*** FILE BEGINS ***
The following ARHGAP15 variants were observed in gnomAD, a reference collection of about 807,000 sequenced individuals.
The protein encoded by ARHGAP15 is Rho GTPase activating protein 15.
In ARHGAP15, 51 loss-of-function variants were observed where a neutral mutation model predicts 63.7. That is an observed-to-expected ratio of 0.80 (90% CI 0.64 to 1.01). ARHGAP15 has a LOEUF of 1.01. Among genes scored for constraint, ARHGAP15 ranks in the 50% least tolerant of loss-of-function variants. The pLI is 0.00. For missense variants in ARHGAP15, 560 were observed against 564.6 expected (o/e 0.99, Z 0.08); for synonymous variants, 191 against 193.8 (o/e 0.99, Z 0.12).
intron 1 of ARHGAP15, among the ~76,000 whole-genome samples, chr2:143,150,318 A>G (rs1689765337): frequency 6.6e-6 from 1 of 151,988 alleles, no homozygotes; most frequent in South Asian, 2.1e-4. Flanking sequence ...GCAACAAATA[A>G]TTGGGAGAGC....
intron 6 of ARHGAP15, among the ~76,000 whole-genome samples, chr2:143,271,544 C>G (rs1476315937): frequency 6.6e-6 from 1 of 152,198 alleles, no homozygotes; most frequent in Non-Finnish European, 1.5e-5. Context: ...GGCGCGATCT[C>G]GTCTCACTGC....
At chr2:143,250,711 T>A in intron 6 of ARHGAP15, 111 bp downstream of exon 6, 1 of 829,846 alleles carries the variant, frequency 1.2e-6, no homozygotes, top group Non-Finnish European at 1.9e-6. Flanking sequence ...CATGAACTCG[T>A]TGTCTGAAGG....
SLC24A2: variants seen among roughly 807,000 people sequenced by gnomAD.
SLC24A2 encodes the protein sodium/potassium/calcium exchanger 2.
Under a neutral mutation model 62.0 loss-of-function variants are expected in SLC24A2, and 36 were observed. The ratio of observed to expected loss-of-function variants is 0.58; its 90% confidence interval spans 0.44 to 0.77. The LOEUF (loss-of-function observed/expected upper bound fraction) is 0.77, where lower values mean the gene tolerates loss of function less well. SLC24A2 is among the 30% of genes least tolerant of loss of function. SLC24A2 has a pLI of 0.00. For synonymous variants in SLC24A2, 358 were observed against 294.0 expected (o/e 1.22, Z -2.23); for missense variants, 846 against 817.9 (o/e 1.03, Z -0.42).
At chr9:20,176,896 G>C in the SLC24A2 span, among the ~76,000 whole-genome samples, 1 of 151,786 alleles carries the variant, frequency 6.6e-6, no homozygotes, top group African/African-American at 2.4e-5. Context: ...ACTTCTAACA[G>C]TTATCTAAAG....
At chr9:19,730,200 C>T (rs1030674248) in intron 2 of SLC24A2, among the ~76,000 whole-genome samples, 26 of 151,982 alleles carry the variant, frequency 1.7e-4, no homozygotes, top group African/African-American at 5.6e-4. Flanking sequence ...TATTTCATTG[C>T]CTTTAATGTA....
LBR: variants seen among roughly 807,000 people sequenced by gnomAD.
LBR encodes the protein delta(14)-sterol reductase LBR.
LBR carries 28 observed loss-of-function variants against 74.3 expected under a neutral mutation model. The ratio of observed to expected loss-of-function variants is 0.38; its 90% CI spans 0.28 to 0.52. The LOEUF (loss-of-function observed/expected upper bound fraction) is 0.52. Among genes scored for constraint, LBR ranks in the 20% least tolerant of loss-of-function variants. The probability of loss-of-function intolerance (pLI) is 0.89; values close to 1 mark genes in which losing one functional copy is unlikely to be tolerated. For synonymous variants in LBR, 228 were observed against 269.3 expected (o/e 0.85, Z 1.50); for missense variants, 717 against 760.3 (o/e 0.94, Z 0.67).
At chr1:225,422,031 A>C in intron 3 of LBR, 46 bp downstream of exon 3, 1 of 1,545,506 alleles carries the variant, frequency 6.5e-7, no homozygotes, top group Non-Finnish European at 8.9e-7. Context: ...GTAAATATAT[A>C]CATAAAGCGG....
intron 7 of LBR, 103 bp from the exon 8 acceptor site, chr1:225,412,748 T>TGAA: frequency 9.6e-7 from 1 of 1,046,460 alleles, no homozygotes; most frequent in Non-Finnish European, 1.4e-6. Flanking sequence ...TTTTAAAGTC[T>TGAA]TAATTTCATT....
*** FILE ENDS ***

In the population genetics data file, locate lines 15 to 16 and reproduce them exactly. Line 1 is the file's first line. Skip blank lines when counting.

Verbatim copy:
At chr1:225,422,031 A>C in intron 3 of LBR, 46 bp downstream of exon 3, 1 of 1,545,506 alleles carries the variant, frequency 6.5e-7, no homozygotes, top group Non-Finnish European at 8.9e-7. Context: ...GTAAATATAT[A>C]CATAAAGCGG....
intron 7 of LBR, 103 bp from the exon 8 acceptor site, chr1:225,412,748 T>TGAA: frequency 9.6e-7 from 1 of 1,046,460 alleles, no homozygotes; most frequent in Non-Finnish European, 1.4e-6. Flanking sequence ...TTTTAAAGTC[T>TGAA]TAATTTCATT....